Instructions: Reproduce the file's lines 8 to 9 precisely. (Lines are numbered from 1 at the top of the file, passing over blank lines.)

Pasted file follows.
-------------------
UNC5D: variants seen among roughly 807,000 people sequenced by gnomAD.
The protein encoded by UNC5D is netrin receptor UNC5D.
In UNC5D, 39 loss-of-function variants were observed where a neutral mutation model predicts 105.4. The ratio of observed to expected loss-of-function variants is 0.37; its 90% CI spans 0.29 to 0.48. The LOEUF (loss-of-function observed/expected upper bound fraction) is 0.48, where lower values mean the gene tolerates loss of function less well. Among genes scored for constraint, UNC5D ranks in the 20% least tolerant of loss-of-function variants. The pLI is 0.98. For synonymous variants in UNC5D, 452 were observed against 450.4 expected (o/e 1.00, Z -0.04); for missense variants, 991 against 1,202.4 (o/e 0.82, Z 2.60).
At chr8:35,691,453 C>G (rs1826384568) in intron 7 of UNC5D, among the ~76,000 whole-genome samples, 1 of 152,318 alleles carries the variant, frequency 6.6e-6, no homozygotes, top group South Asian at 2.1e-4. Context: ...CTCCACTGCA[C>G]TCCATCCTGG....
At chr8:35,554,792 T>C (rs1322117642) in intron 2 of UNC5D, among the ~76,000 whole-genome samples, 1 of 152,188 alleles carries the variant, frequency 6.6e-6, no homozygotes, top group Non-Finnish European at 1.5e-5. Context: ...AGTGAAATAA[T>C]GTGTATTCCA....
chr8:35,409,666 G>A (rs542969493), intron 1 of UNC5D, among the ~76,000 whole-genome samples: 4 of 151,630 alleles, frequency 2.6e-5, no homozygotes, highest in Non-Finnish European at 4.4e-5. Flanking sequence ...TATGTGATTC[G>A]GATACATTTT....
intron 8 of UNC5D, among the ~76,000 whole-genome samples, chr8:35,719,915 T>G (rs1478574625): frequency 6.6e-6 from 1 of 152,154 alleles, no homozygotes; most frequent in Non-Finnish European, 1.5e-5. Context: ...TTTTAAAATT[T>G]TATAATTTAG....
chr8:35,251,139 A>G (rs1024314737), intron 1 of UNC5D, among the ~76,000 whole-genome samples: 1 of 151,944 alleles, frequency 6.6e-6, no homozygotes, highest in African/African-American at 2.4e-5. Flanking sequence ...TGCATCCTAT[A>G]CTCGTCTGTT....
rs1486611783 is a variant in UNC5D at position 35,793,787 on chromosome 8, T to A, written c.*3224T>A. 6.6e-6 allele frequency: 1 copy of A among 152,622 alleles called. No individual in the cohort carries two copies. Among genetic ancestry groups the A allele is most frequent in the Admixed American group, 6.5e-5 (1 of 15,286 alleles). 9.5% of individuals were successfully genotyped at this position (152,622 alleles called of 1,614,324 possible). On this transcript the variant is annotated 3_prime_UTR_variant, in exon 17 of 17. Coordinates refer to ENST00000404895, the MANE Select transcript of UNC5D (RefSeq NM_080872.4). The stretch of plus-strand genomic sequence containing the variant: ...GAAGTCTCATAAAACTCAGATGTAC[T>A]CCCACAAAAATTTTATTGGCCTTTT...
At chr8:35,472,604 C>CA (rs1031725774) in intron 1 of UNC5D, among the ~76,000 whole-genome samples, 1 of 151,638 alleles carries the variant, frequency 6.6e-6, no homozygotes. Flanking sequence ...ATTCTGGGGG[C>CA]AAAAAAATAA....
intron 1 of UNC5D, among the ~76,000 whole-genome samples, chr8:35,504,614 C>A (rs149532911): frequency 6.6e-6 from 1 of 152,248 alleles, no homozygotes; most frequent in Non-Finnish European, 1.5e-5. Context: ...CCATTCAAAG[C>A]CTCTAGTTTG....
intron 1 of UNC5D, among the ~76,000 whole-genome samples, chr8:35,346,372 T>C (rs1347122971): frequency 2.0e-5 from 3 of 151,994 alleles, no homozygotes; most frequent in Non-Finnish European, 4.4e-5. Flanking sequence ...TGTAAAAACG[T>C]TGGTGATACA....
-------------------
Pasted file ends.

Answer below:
chr8:35,251,139 A>G (rs1024314737), intron 1 of UNC5D, among the ~76,000 whole-genome samples: 1 of 151,944 alleles, frequency 6.6e-6, no homozygotes, highest in African/African-American at 2.4e-5. Flanking sequence ...TGCATCCTAT[A>G]CTCGTCTGTT....
rs1486611783 is a variant in UNC5D at position 35,793,787 on chromosome 8, T to A, written c.*3224T>A. 6.6e-6 allele frequency: 1 copy of A among 152,622 alleles called. No individual in the cohort carries two copies. Among genetic ancestry groups the A allele is most frequent in the Admixed American group, 6.5e-5 (1 of 15,286 alleles). 9.5% of individuals were successfully genotyped at this position (152,622 alleles called of 1,614,324 possible). On this transcript the variant is annotated 3_prime_UTR_variant, in exon 17 of 17. Coordinates refer to ENST00000404895, the MANE Select transcript of UNC5D (RefSeq NM_080872.4). The stretch of plus-strand genomic sequence containing the variant: ...GAAGTCTCATAAAACTCAGATGTAC[T>A]CCCACAAAAATTTTATTGGCCTTTT...